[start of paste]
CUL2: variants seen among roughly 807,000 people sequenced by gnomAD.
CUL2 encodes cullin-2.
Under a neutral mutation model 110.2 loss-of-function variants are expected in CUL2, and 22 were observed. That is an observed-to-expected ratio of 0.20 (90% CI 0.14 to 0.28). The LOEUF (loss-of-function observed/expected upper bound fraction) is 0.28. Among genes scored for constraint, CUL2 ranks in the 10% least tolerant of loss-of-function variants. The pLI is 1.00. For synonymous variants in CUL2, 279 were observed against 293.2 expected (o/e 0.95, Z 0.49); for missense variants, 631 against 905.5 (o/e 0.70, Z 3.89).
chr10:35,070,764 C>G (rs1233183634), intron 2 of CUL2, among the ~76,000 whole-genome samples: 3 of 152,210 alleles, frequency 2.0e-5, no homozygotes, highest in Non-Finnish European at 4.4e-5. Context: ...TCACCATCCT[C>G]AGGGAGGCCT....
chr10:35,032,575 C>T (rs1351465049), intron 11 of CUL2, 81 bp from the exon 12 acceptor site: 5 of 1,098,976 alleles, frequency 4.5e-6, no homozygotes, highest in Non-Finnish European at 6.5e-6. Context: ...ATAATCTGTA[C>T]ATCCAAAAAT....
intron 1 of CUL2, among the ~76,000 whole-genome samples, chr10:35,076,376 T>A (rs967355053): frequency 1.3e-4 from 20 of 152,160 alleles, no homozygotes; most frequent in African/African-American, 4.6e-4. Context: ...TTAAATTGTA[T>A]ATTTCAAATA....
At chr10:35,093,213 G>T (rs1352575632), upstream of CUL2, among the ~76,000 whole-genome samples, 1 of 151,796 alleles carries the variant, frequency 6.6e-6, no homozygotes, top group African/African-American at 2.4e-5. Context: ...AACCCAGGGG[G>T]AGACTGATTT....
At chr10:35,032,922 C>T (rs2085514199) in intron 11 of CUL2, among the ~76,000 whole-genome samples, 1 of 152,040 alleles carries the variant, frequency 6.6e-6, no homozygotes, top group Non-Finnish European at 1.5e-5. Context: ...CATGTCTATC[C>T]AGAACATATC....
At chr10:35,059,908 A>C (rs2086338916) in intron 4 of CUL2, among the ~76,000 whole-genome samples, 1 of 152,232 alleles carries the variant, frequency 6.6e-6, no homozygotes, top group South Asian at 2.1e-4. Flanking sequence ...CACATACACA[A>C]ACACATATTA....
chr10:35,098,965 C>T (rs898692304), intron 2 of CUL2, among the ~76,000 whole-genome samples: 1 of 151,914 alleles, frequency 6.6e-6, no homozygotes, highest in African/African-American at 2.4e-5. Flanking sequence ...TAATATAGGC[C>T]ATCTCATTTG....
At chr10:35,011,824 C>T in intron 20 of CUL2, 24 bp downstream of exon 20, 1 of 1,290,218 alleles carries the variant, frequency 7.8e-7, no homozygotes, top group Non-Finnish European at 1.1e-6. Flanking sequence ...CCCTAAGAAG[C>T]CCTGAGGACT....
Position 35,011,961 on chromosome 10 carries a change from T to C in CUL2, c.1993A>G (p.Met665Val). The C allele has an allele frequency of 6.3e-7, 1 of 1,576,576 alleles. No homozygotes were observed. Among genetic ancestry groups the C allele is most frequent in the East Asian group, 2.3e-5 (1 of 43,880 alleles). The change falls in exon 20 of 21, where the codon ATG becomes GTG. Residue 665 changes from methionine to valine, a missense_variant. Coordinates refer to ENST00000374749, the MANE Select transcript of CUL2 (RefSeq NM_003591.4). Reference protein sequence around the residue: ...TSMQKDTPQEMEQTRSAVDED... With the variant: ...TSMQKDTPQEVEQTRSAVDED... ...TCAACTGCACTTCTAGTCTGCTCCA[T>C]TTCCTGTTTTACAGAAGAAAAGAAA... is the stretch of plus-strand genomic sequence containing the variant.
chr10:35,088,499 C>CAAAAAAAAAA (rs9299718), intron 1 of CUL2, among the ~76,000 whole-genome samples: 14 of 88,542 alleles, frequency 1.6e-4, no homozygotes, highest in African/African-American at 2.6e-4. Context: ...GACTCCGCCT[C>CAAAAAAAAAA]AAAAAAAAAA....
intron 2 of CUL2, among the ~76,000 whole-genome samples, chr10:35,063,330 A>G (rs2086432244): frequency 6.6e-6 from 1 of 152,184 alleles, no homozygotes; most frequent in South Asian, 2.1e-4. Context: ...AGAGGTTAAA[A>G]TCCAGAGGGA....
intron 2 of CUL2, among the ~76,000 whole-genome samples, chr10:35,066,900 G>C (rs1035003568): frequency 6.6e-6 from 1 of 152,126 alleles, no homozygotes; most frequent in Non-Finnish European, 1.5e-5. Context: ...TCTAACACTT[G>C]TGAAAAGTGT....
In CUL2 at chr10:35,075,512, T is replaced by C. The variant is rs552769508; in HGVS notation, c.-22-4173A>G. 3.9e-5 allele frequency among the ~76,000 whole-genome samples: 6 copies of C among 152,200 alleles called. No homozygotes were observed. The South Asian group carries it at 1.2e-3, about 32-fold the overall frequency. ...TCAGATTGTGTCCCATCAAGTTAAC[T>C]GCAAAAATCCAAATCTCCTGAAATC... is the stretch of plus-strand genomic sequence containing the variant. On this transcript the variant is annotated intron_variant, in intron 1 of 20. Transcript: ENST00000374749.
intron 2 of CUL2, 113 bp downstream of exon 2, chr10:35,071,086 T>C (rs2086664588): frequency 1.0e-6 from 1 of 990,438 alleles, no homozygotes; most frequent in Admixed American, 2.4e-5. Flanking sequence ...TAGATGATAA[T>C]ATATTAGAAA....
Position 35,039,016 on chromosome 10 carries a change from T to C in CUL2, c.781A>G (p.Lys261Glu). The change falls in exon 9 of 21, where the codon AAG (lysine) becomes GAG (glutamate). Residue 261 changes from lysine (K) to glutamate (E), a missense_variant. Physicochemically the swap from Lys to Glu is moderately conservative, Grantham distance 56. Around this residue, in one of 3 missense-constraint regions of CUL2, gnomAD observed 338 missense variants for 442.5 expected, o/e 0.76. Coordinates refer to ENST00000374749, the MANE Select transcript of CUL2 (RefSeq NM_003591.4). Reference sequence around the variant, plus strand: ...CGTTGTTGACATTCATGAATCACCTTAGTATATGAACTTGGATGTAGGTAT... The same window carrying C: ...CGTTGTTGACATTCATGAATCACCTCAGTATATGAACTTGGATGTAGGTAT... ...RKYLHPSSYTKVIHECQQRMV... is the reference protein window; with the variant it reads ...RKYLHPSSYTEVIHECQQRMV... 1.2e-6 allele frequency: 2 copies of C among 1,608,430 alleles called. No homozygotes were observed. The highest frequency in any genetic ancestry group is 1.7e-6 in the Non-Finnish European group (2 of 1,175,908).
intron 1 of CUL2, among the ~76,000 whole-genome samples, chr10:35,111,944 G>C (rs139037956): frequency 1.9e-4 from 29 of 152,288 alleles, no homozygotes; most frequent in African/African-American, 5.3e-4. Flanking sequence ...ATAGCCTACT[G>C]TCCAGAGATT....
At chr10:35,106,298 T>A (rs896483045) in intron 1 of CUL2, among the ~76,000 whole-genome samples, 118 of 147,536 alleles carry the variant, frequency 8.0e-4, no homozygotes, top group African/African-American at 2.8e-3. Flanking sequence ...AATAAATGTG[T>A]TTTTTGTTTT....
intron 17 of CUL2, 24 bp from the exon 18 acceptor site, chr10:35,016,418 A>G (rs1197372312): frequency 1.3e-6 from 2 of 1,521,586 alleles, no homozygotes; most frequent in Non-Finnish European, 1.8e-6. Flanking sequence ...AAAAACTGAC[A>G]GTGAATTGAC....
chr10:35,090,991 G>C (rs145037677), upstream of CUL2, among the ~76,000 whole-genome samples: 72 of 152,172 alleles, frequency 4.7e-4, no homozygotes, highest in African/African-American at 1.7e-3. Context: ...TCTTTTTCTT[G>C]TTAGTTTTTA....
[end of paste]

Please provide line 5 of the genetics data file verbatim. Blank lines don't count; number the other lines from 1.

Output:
chr10:35,032,575 C>T (rs1351465049), intron 11 of CUL2, 81 bp from the exon 12 acceptor site: 5 of 1,098,976 alleles, frequency 4.5e-6, no homozygotes, highest in Non-Finnish European at 6.5e-6. Context: ...ATAATCTGTA[C>T]ATCCAAAAAT....